FSD3261 Gambling Harm Survey 2016

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  • Salonen, Anne (National Institute for Health and Welfare. Tobacco, Gambling and Addiction)


academic achievement, addiction, advertising, gambling, gaming machines, internet, interpersonal relations, marketing, monopolies, social problems


Statistics Finland conducted the Gambling Harm Survey in early 2017 as a mixed-mode internet/mail survey. The study was commissioned by the National Institute for Health and Welfare (THL). The study aimed to chart Finnish gambling habits, social and healthcare-related problems caused by gambling, and opinions on the visibility of advertising and marketing by Finnish gambling organisations.

In 2016, three gambling operators had exclusive rights to provide gambling services in Finland: Finland's Slot Machine Association RAY (government-owned), Veikkaus (government-owned) and Fintoto. These three were merged into a single government-owned organisation in 2017. First, the respondents were asked what the reasoning was for a government-owned and government-regulated gambling market (e.g. securing gambling profits for the state; supporting Finnish art, science, sports, and social services; reducing the harm caused by gambling; preventing foreign competition). Their opinions on marketing and advertising by these organisations were examined with questions regarding, for example, how often the respondents had seen gambling advertisements on billboards, television, the internet etc.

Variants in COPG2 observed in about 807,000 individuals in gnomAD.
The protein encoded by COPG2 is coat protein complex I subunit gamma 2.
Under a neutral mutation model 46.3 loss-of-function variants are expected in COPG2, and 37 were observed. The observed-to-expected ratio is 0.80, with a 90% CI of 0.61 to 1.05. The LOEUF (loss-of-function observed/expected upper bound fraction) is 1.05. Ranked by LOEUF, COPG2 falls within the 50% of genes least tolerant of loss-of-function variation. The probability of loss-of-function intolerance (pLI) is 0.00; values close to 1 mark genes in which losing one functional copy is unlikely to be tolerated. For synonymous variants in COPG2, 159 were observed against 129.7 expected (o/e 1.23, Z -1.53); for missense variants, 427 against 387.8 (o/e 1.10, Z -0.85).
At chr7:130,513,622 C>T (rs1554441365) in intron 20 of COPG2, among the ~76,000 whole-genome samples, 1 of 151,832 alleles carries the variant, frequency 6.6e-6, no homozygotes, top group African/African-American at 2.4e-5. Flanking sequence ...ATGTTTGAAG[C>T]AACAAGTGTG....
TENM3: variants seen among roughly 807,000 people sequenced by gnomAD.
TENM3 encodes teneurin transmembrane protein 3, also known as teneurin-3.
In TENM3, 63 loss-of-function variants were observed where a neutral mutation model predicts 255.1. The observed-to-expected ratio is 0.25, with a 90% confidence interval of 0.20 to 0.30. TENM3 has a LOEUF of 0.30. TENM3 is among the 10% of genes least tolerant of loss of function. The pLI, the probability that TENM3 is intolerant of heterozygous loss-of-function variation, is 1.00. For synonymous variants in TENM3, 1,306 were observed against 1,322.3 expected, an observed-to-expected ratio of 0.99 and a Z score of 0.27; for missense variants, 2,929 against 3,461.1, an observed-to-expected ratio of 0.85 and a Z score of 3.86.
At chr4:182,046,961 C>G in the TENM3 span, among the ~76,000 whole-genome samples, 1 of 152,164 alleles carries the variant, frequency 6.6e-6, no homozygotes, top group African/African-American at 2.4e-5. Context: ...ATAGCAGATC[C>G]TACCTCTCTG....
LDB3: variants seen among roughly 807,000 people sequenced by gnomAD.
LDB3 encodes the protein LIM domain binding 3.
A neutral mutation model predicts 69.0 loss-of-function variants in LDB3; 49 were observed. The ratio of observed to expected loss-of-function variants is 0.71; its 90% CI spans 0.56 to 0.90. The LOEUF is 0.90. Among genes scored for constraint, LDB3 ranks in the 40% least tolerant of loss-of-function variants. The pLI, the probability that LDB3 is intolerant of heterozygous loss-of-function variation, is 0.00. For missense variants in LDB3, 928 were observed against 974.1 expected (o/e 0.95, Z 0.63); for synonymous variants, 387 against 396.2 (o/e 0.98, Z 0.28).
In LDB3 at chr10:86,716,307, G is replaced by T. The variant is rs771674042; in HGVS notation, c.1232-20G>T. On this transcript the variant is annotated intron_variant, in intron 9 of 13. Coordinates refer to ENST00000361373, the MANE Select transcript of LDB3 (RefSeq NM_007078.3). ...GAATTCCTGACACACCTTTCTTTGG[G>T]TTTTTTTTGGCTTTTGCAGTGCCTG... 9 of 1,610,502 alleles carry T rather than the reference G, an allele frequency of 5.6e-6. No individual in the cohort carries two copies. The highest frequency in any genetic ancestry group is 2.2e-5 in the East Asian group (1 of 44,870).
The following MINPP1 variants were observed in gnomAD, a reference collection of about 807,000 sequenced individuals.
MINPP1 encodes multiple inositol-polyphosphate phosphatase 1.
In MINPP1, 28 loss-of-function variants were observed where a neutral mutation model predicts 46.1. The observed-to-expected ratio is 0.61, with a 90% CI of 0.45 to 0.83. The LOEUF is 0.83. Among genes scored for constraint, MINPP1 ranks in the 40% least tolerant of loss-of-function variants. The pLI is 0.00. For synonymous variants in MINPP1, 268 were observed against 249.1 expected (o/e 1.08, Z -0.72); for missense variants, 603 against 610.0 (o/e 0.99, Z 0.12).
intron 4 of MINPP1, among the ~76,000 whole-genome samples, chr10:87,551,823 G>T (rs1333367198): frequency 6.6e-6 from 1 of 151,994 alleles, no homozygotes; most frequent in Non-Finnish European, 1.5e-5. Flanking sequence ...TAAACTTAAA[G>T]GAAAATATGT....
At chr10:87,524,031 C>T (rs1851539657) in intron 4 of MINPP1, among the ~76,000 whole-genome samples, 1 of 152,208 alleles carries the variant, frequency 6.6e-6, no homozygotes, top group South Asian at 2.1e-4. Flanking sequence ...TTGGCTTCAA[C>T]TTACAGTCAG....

Gambling habits were examined with questions regarding the frequency of playing games of chance, such as lotteries or horse betting, and reasons for playing them. The study also surveyed if the respondents found gambling a problem, how often they had felt in 2016 that it was a problem, and if they were familiar with or had used different services provided by RAY, Veikkaus and Fintoto for helping control gambling. The amount of money the respondents had used for gambling in 2016 per week, per month and during the whole year was also surveyed, as well as in what sort of environments they played these games (e.g. at home, at work, in kiosks, at Casino Helsinki) and with whom (alone, with an acquaintance / a group of acquaintances, or with an unknown person / a group of unknown persons). It was also surveyed if the respondents gambled on the internet and whether they used a PC or a mobile device, such as a smartphone or a tablet computer, for online gambling.

Next, the Problem and Pathological Gambling Measure (PPGM) was used to evaluate the respondents' gambling habits. They were also asked about harm caused by gambling on their lives in general as well as relating to their economical situation, work or studies, health, emotional well-being and relationships. Other possible types of harm on the respondents' lives were also surveyed.

Finally, the respondents were asked if their social circle in 2016 included persons who, in their opinion, gambled too much. It was queried who these persons were in relation to the respondents and what sort of problems these persons' gambling had caused for the respondent.

Background variables included gender, education level, net income (categorised), economic activity and occupational status, age group and NUTS3 region.

Study description in machine readable DDI-C 2.5 format

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